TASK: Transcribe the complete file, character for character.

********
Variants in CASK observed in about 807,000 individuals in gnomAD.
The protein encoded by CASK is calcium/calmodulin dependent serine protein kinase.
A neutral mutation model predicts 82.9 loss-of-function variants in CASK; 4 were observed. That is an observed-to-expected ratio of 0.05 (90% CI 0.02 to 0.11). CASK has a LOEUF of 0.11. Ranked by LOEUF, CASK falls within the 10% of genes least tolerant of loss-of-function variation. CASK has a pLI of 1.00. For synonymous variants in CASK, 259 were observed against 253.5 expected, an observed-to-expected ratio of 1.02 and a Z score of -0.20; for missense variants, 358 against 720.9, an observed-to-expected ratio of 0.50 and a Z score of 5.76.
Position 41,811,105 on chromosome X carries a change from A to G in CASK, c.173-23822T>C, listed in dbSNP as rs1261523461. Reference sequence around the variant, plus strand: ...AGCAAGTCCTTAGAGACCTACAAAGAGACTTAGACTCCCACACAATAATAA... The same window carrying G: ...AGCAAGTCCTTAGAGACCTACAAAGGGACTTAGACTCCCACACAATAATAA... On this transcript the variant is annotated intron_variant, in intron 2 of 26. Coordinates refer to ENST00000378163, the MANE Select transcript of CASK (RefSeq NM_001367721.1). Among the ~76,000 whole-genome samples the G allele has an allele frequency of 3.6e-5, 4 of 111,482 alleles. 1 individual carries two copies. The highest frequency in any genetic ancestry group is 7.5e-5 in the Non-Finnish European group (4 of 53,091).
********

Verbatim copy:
Variants in CASK observed in about 807,000 individuals in gnomAD.
The protein encoded by CASK is calcium/calmodulin dependent serine protein kinase.
A neutral mutation model predicts 82.9 loss-of-function variants in CASK; 4 were observed. That is an observed-to-expected ratio of 0.05 (90% CI 0.02 to 0.11). CASK has a LOEUF of 0.11. Ranked by LOEUF, CASK falls within the 10% of genes least tolerant of loss-of-function variation. CASK has a pLI of 1.00. For synonymous variants in CASK, 259 were observed against 253.5 expected, an observed-to-expected ratio of 1.02 and a Z score of -0.20; for missense variants, 358 against 720.9, an observed-to-expected ratio of 0.50 and a Z score of 5.76.
Position 41,811,105 on chromosome X carries a change from A to G in CASK, c.173-23822T>C, listed in dbSNP as rs1261523461. Reference sequence around the variant, plus strand: ...AGCAAGTCCTTAGAGACCTACAAAGAGACTTAGACTCCCACACAATAATAA... The same window carrying G: ...AGCAAGTCCTTAGAGACCTACAAAGGGACTTAGACTCCCACACAATAATAA... On this transcript the variant is annotated intron_variant, in intron 2 of 26. Coordinates refer to ENST00000378163, the MANE Select transcript of CASK (RefSeq NM_001367721.1). Among the ~76,000 whole-genome samples the G allele has an allele frequency of 3.6e-5, 4 of 111,482 alleles. 1 individual carries two copies. The highest frequency in any genetic ancestry group is 7.5e-5 in the Non-Finnish European group (4 of 53,091).